Whistle-blowers at nuclear power plants are supposed to be a specially protected species, because Congress doesn't want unreported safety lapses causing a Three Mile Island-type accident -- or a Chernobyl-like disaster.

But when Alan Young, a welder at the Philadelphia Electric Co. Peach Bottom nuclear plant in southeastern Pennsylvania, told the Nuclear Regulatory Commission about workers' overexposure to radiation, he was fired. The NRC has done nothing for Young, beyond confirming his complaints, and the Labor Department appears to have grown tired of defending him.

As a result, Young has been blacklisted by the utility company and cannot work at the Peach Bottom plant. At last count, he had been fired by four Peach Bottom contractors because of his whistle-blowing and Philadelphia Electric's refusal to give him a security clearance.

Young's depressing saga began in June 1983, when he went to the NRC with information that workers welding pipes at Peach Bottom were inadequately protected from excessive radiation. The welders were putting Band-Aid-like strips around the pipes to keep radioactive water from leaking. Each hour they were exposed to the equivalent of five chest X-rays, and in eight days they were "burned out" -- having soaked up so much radiation that they could not legally be exposed to any more for a few months, Young reported.

The contractor fired Young after his complaint to the NRC, but a Labor Department review board found in his favor. He was given $11,000 in back pay and a promise that there would be no future discrimination against him. An NRC report stated, "Several deficiencies were identified and commitments were made by {Philadelphia Electric} management to improve practices."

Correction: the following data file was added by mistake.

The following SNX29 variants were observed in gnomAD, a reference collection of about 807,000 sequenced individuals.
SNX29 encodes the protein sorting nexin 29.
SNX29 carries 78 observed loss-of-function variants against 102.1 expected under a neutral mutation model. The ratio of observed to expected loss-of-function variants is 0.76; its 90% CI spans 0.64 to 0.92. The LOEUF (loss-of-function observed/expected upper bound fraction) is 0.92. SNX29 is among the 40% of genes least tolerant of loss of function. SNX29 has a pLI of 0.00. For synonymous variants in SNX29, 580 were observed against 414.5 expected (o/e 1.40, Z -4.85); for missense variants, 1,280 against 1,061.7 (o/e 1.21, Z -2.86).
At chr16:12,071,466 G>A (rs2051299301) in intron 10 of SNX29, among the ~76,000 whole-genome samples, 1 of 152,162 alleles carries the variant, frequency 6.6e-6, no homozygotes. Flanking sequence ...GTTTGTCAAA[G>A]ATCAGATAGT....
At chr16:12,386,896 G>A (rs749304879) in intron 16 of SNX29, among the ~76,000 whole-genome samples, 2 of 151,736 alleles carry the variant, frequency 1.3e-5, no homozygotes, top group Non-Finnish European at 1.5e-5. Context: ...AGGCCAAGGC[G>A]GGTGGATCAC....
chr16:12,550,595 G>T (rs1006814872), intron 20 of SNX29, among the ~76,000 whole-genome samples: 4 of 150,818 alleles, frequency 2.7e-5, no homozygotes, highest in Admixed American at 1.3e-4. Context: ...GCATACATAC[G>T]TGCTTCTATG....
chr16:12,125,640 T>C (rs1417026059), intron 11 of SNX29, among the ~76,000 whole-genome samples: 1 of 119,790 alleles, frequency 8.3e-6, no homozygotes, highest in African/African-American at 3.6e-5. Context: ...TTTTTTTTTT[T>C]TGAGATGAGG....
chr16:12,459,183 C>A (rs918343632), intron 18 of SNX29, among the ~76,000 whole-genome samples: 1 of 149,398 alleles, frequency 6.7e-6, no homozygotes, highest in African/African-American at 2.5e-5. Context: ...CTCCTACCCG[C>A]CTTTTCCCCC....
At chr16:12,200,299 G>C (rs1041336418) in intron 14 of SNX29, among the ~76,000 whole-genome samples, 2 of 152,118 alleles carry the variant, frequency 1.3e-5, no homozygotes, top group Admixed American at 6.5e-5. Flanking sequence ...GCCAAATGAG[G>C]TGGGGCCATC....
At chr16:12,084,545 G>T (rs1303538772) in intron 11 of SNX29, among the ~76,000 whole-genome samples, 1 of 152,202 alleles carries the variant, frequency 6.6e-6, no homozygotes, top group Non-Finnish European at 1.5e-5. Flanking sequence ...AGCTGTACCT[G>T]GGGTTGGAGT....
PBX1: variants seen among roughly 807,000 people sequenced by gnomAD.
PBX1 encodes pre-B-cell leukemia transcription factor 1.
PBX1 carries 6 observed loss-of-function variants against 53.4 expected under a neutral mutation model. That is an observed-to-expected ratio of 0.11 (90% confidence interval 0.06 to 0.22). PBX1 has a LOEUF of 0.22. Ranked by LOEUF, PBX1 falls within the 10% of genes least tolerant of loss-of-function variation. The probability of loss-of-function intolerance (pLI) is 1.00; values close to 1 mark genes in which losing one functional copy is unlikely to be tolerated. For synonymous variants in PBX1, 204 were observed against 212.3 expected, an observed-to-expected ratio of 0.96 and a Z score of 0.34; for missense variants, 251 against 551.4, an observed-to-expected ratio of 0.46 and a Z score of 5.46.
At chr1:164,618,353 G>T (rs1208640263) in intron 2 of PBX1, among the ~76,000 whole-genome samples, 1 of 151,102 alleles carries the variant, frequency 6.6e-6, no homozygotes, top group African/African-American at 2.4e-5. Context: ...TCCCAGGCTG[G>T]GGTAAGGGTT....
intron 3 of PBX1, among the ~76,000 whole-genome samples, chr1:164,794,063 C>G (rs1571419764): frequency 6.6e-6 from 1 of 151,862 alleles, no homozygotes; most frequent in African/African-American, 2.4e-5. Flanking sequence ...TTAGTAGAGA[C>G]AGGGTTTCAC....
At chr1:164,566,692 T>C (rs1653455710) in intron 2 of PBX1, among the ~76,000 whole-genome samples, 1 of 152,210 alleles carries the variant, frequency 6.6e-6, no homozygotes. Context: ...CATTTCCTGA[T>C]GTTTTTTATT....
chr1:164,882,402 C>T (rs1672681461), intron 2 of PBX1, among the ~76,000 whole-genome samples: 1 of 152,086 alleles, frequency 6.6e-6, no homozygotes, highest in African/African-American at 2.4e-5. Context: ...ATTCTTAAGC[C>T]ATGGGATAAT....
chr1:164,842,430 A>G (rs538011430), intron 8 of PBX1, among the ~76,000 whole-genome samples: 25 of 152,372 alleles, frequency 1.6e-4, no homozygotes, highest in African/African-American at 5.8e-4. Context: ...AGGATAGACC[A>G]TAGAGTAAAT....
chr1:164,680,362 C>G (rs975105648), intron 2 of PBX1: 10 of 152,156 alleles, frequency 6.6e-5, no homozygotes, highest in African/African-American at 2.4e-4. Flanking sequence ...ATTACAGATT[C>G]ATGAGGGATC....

Young was hired by another Peach Bottom contractor in 1984, but again found that welders were getting too much radiation. Again he was fired, and again the Labor Department found that he was right. In August 1985, Young was hired by a third Peach Bottom contractor -- and fired two hours later because Philadelphia Electric refused to grant him security clearance. Young was refused security clearance again last October at Peach Bottom, even though he had obtained clearance to work at Three Mile Island.

The Labor Department ordered Philadelphia Electric to give Young his job back and to pay him back wages and compensatory damages. The company was ordered further to expunge from its records "any references or indications characterizing Mr. Young's action or behavior as being inappropriate in this matter."

Philadelphia Electric has appealed the Labor Department decision, but the case has been stalled for more than six months. Meanwhile, Young was hired by another Peach Bottom contractor -- and apparently laid off because Philadelphia Electric refused him security clearance.

Footnote: Philadelphia Electric spokesman Neil McDermott said Young was laid off the last time as part of a "reduction in force" that included 38 employes. McDermott also denied that Young was punished for his whistle-blowing activities.